Impossible Foods relies on heme, a molecule found in all plants and animals and makes meat taste like meat. The company uses fermented yeast to produce a natural protein in plants called soy leghemoglobin, which contains heme identical to that found in animals. This is what makes the Impossible Burger juicy, making it “bleed” like real meat.
Last month, the FDA declared Impossible Foods’ plant-based heme safe to eat. According to the FDA statement, the agency has “no questions at this time regarding Impossible Foods’ conclusion that soy leghemoglobin preparation is [generally regarded as safe] under its intended conditions of use to optimize flavor in ground beef analogue products intended to be cooked.”
While the FDA’s approval led Mr. Seigel-Laddy to try the burger, Meira Tiboldo, a Teaneck resident and a science teacher in the Hackensack public school system, remains concerned about the amount of genetic engineering that went into its development. “We are finally recognizing the potential impact that genetically modifying our food may have on our health, and the health of our children,” she said. “And then we’re willingly messing around with aesthetics to make a veggie burger look more like meat? No thank you.”
The fact that the Impossible Burger looks almost exactly like real meat could pose another, more biblical, problem.
Maras ayin is the halachic concept that a permissible action could be confused for an action that is forbidden under Jewish law. For example, the prohibition on eating poultry and dairy is a rabbinic fence instituted thousands of years ago to prevent the accidental confusion between meat and poultry. That prohibition still is in place today, though we have a multitude of pareve products meant to imitate dairy — products including non-dairy creamer, non-dairy ice cream, and non-dairy cheeses that some kosher meat restaurants use to simulate cheeseburgers.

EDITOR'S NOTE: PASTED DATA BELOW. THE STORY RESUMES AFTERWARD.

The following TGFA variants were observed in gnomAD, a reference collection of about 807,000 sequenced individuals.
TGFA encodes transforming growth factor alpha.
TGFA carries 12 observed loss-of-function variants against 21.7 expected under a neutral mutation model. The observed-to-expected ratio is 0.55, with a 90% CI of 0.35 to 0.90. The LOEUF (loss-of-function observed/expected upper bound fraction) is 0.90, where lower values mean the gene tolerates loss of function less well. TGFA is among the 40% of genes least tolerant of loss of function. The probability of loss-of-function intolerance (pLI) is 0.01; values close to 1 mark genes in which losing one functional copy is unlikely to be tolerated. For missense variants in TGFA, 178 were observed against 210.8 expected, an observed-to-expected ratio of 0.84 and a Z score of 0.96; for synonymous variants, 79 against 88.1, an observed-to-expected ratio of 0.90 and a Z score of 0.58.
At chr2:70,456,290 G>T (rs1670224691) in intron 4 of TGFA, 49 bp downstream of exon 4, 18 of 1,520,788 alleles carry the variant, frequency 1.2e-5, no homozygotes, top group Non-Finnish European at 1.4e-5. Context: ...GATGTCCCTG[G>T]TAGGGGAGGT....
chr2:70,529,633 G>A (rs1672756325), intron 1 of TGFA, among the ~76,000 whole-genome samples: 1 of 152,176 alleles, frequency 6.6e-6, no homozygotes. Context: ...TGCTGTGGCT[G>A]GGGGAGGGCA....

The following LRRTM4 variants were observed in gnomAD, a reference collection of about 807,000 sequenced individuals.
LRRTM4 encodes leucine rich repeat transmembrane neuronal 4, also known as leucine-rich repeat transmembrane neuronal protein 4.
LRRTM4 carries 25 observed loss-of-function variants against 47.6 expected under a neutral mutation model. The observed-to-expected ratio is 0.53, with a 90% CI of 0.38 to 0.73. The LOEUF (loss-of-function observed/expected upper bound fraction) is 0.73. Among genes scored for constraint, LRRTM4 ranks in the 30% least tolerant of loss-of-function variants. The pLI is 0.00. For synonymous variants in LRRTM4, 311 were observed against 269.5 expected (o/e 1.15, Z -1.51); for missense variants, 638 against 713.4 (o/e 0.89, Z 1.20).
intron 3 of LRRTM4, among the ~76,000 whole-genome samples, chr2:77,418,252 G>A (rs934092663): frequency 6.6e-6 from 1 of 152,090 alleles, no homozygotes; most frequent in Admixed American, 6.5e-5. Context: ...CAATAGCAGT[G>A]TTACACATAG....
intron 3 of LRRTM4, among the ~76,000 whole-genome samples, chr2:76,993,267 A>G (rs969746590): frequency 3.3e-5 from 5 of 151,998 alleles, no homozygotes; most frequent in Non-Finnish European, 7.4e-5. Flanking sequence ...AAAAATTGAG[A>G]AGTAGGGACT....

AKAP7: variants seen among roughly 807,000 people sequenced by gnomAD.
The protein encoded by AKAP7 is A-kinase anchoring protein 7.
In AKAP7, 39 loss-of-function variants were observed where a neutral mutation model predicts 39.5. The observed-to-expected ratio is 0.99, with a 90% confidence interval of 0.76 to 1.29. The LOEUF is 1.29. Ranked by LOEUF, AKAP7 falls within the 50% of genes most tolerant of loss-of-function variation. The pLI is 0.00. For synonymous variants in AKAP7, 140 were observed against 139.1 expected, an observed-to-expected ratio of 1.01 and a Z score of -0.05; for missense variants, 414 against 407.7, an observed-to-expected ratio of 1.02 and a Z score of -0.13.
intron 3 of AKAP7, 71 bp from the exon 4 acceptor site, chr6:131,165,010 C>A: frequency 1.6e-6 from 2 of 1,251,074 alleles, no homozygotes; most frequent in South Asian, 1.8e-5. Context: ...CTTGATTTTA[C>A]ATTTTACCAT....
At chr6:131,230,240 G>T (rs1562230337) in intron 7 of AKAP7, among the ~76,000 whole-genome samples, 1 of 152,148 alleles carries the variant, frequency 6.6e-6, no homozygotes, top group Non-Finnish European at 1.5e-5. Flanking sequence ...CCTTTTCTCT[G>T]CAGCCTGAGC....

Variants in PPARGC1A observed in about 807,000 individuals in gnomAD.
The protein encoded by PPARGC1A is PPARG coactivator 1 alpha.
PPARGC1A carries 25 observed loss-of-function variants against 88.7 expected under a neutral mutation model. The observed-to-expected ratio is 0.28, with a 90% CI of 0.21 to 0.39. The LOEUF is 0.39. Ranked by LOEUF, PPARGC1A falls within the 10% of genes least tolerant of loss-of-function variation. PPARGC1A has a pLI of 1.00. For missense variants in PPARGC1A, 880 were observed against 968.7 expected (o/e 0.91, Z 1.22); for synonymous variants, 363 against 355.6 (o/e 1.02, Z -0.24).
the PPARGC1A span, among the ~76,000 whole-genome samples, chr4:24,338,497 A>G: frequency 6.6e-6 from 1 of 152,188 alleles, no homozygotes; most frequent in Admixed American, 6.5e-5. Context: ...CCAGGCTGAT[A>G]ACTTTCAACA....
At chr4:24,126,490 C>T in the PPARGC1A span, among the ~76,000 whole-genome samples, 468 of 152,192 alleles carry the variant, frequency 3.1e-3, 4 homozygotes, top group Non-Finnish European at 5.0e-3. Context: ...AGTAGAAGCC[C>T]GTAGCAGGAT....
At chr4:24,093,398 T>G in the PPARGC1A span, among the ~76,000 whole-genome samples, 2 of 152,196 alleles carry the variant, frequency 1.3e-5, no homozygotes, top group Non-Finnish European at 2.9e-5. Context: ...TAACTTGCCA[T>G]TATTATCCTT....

Dairy restaurants serving the Impossible Burger are using real cheese, which could confuse casual observers because the veggie patty so strongly resembles real meat. According to Rabbi Menachem Genack, the spiritual leader of Congregation Shomrei Emunah in Englewood and the rabbinic administrator of the Orthodox Union’s kashrut division, the Impossible Burger presents a possible maras ayin issue because it’s still relatively new. “There are some things that, after a while, everybody understands,” Rabbi Genack said. “If a person goes to a restaurant and sees a person put creamer in his coffee, there’s a presumption he’s using non-dairy creamer. It’s so common. We’re not up to that, obviously. Maybe there’ll be a day when this burger will be so common people will assume it’s pareve.”
When non-dairy creamer first began to gain popularity, kashrut agencies required restaurants to put it out in a box rather than in a serving dish to let people know it wasn’t actually dairy, Rabbi Efrem Reis of Teaneck, a Conservative rabbi, said. “As time went on and people realized pareve creamers were an accepted condiment, it was permissible to put it in the creamer bowl. I presume the same is the case for the Impossible Burger. At first it needs to be labeled, but as people become more accustomed to it, there won’t be any issue.”
Simple signs may solve the problem until the burger becomes more ubiquitous, according to Rabbi Genack, who added he is “absolutely” interested in trying the burger.
Mr. Sokolow doesn’t see any issue with maras ayin because people know they are going to a kosher restaurant that does not mix meat and dairy. “The Impossible Burger by definition is a veggie burger,” he said.
The burger now is available only on restaurant menus, though the company eventually plans to make it available on grocery store shelves. Rabbi Reis has not yet tried the burger but he looks forward to eventually having a vegetarian option he can grill at home. For now, Rabbi Reis just looks forward to “Being able to eat a burger and then have a scoop of ice cream.”
For a list of kosher restaurants serving the Impossible Burger, go to www.impossiblefoods.com.